MWC16 was a great venue to check the pulse of developments in IoT connectivity. We summarized part of our observations which we shared and published (link). It caused many follow ups by colleagues and friends who voiced a wide range of opinions that I thought some further color would be useful.
To start, the main challenge in IoT is applications. The challenge is not technology which exists. Rather, the issue is in making the business case for IoT to arrive at a functional solution. That cycle is long and expensive. When we drill deeper into many IoT activities, the question becomes “who will pay for this service.” Technology can lower the cost, but there are many elements that are not technology related which gate the process.
At MWC, specific attention was on Narrowband-IoT (NB-IoT) over all other 3GPP standards, including LTE Cat-m1 (Release 13). NB-IoT is at the top of the hype cycle and certainly stole attention from Cat-m1, even as Cat-m1 is closer to being reality and will provide many of the features of NB-IoT, including long battery life. It will be interesting to watch the dynamics evolve as competition among 3GPP standards heat up with many technologies slated for release within a short period of time. LTE Cat-0 is the first casualty but may not be the only one. Semiconductor companies will have the unenviable task of making bets on these technologies who are likely to pursue a good part of software configurable functions to avoid losing a bet on one of the standards. Therefore, we can expect lower efficiency than otherwise – but it may not matter in the big scheme.On timing, we have taken the position that NB-IoT will be commercial in (early) 2018 which is longer than what some proponents proclaimed at MWC. We don’t think a standard that is slated for completion in June at the earliest (and quiet likely will need more time to fully firm up) would be commercially ready by end of this year or early next year as some claim.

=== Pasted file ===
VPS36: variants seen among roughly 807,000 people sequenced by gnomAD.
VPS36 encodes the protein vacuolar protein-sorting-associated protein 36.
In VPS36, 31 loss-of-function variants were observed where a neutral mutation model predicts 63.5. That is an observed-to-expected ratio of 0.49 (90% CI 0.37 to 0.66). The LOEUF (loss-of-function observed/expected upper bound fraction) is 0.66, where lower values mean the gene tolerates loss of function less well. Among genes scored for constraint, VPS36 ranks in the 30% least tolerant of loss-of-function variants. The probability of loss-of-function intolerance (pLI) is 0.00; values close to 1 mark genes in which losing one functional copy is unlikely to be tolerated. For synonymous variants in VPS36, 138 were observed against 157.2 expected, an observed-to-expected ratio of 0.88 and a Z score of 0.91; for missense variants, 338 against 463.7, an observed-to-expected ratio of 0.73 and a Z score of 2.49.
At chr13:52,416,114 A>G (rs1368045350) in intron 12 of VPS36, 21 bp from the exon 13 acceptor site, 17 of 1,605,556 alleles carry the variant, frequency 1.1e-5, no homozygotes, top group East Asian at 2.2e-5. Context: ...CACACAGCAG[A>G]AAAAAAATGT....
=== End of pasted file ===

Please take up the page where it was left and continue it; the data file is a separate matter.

The LPWAN market will not die out, but the challenge is on execution. There is room in the market for LPWANs but perhaps not all the different technologies. IoT applications are a great many and they cannot be served by one technology or network. Execution is the main issue in IoT: MNOs will have their challenges as well. Selling broadband services to subscribers is completely different from selling connectivity for devices. Some MNOs have fared better than others, but in general, the challenge remains. This provides an opportunity for LPWAN operators; those who execute better will win.Finally, there are what I call “short-range wide-area” technologies that include peer-to-peer protocols which are the entrenched incumbents that both LPWANs and 3GPP IoT standards are seeking to displace. No one is even talking about this angle which is a major piece of the puzzle. But this is best saved for another article!